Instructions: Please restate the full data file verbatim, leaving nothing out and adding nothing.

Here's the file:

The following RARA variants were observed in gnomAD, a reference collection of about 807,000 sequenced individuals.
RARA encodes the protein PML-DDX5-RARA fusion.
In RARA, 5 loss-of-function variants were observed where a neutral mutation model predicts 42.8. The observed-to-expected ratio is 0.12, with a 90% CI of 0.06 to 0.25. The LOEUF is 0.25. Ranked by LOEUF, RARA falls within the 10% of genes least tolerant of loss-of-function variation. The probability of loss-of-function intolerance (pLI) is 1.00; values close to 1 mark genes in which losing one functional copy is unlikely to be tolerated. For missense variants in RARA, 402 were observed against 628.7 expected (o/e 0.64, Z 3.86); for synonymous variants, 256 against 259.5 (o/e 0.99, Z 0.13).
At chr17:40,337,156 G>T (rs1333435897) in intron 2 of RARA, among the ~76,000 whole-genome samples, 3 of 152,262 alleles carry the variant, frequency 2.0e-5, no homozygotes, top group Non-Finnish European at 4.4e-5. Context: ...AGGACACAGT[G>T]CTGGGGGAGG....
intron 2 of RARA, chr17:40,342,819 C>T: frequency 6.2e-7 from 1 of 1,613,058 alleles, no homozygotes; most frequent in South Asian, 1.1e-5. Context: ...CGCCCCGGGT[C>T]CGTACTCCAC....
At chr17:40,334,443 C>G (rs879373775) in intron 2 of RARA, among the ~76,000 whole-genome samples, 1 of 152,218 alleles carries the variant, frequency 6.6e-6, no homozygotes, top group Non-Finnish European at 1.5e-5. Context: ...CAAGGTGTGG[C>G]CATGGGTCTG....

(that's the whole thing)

The following RARA variants were observed in gnomAD, a reference collection of about 807,000 sequenced individuals.
RARA encodes the protein PML-DDX5-RARA fusion.
In RARA, 5 loss-of-function variants were observed where a neutral mutation model predicts 42.8. The observed-to-expected ratio is 0.12, with a 90% CI of 0.06 to 0.25. The LOEUF is 0.25. Ranked by LOEUF, RARA falls within the 10% of genes least tolerant of loss-of-function variation. The probability of loss-of-function intolerance (pLI) is 1.00; values close to 1 mark genes in which losing one functional copy is unlikely to be tolerated. For missense variants in RARA, 402 were observed against 628.7 expected (o/e 0.64, Z 3.86); for synonymous variants, 256 against 259.5 (o/e 0.99, Z 0.13).
At chr17:40,337,156 G>T (rs1333435897) in intron 2 of RARA, among the ~76,000 whole-genome samples, 3 of 152,262 alleles carry the variant, frequency 2.0e-5, no homozygotes, top group Non-Finnish European at 4.4e-5. Context: ...AGGACACAGT[G>T]CTGGGGGAGG....
intron 2 of RARA, chr17:40,342,819 C>T: frequency 6.2e-7 from 1 of 1,613,058 alleles, no homozygotes; most frequent in South Asian, 1.1e-5. Context: ...CGCCCCGGGT[C>T]CGTACTCCAC....
At chr17:40,334,443 C>G (rs879373775) in intron 2 of RARA, among the ~76,000 whole-genome samples, 1 of 152,218 alleles carries the variant, frequency 6.6e-6, no homozygotes, top group Non-Finnish European at 1.5e-5. Context: ...CAAGGTGTGG[C>G]CATGGGTCTG....